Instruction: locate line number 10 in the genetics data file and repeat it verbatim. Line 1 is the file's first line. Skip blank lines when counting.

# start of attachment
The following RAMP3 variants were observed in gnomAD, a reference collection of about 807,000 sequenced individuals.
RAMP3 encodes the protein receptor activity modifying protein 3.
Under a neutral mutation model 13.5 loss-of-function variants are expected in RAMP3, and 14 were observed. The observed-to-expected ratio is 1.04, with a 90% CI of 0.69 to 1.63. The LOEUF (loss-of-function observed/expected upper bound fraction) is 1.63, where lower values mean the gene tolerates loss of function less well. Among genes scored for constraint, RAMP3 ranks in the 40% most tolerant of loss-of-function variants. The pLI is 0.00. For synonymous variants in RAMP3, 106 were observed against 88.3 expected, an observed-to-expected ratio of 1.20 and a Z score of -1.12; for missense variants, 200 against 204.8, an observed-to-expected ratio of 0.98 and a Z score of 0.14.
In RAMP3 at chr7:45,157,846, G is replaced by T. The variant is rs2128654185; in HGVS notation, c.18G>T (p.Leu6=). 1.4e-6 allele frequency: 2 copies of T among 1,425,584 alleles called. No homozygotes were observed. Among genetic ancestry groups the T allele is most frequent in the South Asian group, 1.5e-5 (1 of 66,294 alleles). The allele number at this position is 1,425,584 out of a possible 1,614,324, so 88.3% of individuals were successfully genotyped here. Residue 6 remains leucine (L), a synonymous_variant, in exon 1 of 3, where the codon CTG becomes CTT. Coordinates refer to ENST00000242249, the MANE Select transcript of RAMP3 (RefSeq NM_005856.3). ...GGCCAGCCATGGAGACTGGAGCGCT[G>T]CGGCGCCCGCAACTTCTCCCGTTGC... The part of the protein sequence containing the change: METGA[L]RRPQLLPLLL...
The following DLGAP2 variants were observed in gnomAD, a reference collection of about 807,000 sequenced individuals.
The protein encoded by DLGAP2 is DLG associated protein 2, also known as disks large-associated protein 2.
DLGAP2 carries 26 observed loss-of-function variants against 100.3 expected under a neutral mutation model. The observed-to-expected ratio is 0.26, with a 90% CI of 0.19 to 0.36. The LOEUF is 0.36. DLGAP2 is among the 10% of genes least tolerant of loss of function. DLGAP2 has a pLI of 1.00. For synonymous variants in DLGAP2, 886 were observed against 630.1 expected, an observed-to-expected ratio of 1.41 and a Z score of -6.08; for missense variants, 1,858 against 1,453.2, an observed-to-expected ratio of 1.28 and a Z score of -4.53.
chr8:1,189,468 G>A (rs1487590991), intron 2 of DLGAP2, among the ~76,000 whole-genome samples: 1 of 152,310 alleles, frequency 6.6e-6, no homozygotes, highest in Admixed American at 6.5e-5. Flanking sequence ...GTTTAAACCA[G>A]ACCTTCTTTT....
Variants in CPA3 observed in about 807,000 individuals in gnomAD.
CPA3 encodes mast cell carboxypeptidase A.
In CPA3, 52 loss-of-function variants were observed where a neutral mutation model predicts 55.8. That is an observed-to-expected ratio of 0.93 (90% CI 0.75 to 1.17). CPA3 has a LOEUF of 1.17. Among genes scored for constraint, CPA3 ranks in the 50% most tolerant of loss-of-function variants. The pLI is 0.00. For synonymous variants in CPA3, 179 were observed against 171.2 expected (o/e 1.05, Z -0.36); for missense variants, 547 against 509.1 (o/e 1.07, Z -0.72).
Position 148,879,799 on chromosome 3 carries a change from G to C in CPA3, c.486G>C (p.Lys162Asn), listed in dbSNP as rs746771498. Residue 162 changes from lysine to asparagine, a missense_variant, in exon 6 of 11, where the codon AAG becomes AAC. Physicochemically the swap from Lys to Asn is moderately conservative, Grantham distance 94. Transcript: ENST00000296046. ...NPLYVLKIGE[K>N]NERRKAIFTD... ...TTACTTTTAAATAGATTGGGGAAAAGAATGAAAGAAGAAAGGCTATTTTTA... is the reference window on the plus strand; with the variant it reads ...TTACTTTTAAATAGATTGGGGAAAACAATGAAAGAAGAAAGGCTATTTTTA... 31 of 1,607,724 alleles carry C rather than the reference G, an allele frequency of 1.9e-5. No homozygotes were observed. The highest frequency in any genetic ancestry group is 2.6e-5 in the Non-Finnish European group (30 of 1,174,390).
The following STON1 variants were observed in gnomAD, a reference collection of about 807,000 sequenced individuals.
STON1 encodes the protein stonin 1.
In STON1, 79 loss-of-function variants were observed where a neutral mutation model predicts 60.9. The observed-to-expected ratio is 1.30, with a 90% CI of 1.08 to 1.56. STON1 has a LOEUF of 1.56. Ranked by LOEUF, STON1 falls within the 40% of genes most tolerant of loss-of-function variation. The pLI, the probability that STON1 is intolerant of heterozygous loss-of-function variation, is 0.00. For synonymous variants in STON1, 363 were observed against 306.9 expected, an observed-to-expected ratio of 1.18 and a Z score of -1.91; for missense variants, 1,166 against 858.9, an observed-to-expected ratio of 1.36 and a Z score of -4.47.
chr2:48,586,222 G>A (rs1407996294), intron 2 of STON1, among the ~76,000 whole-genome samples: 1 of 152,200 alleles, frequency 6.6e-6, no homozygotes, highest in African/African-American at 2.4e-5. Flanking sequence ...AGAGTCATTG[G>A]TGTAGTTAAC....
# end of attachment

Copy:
CPA3 encodes mast cell carboxypeptidase A.